That IS showbiz. The frenetic pace, the diva meltdowns, the coddling of the star, the last-minute changes being passed hand-to-hand-to-stage-manager, the lies, the drama, the people whose dreams get crushed as other people’s dreams fly: this is the elating, heartbreaking, devastating, high-roller game people play when they enter that world. They get warned about it and they pretend they are ready for it, but when the tapshoes hit the footlights, and all seems to be going to hell in a hairnet, you remember the most cliched but true theater idiom of all time: the show must go on. How does it? It’s a mystery. But anyone, anyone, who has done anything in theater, will tell you that miraculously, it just DOES.
So, while the theater gods are working their mysterious magic, and the hard decisions get made, and it’s time to take the big blows to the chest, who is man enough for it? It turns out, Derek is. Karen is. Ivy isn’t. Julia and Tom wring their hands and get through.
So, Derek has his own little fever dream, and casts Karen. The hammer hits and the whole company scatters like gnats, while the following happen simultaneously:
- Karen tries to be calm. She appears to be the only calm one.
- Julia goes all mother hen (“SHE NEEDS TO MAKE A PHONE CALL!” she screams in that fabulous Debra Messing-wreck way, reminding us all that we can still like this woman even if her life choices in this show have been alternately boring and terrifying). She also tells her the biggest lie in showbusiness: “Everyone here loves you and wants to see you succeed.” Ha! Not even Tom can sell that as he stands behind her weeping bitter tears for Ivy.
- Derek becomes possessed, answering everyone’s questions and doing everyone’s jobs. “Where’s that wig?” “No phone calls for you!” “Finish your song!” “This is happening whether you like it or not!” Funnily enough, this is literally the best thing he has done for the production since the beginning.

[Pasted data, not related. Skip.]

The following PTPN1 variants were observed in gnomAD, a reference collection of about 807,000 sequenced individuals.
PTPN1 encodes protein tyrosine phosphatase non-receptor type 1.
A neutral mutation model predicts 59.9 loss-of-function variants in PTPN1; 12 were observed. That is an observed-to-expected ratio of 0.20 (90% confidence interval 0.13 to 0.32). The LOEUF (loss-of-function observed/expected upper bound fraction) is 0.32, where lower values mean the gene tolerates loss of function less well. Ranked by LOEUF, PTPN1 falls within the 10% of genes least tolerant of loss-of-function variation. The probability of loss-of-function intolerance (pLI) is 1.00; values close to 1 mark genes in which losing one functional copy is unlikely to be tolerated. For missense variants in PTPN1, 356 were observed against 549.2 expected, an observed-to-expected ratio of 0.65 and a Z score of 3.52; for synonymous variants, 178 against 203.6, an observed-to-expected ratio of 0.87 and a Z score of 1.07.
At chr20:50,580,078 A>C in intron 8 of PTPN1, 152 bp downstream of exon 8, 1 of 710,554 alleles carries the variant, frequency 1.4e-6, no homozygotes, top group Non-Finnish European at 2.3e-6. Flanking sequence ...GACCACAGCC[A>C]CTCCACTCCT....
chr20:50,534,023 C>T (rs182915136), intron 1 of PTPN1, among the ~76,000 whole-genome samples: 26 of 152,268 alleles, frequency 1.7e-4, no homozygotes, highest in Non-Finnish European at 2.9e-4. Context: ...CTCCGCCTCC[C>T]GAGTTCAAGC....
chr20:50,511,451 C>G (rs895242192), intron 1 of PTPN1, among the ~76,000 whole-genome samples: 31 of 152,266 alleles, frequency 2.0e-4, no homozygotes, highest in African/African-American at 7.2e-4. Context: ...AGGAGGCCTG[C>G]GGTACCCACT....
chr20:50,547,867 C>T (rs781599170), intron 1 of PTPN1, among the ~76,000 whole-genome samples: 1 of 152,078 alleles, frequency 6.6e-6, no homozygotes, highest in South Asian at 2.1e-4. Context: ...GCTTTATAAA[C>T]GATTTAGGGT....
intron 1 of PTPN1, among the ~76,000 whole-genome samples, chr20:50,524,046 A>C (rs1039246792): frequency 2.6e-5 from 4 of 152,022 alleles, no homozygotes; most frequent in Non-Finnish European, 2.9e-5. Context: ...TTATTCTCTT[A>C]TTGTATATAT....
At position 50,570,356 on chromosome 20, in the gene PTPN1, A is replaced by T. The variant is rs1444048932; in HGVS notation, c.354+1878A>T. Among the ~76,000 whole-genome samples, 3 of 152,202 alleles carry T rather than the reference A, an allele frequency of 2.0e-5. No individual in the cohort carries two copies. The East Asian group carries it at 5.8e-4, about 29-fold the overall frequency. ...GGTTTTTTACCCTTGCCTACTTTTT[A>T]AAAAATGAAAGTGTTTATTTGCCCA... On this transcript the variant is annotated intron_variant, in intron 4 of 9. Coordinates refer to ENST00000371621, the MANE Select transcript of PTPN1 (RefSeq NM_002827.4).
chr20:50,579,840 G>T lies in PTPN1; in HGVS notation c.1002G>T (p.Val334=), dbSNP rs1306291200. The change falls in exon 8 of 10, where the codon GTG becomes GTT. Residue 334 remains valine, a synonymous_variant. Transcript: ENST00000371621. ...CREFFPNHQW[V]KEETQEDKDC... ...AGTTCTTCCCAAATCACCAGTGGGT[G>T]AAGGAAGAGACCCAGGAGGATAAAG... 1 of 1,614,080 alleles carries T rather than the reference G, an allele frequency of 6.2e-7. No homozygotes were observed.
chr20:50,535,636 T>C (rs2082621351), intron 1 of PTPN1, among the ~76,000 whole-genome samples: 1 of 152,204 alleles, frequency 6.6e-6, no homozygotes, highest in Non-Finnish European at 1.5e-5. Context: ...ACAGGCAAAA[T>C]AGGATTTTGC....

- Ellis seethes and whispers in Ivy’s ear like the smoke monster from Lost.
- In just, precisely, what Ivy needs to hear that moment, she is called to the stage as a “shadow self.” Aw. Literal, much?
- Julia and Tom have retreated to a rain forest to finish their song.
- “We have so much time! We have so much time!” They’re like kids studying for finals.
Back in the house, the Ellis-monster ticker-tacks his way out to the lobby, where the Baroness is telling the Only Theater Reporter Ever (Reidel from the New York Post) about the plot of 42nd Street. “It’s gonna knock everyone’s socks off!” She is then accosted by the tricksy hobbit, wearing his ushery best, where he admits that he was the mastermind behind the Peanut Murder Plot. Then says it’s because he is a producer. OF MURDER.
Hey everyone, did you know I was a billionaire? Oh look! Look at all the money falling around my shoulders! Look at – oh, right. You can’t say a thing and make it happen. Dangit.
“You haven’t heard the last of this,” he says, upon being fired. PRAY GOD we have. Find an actual assistant, would you please, Baroness? Don’t you have a court of loyal subjects waiting?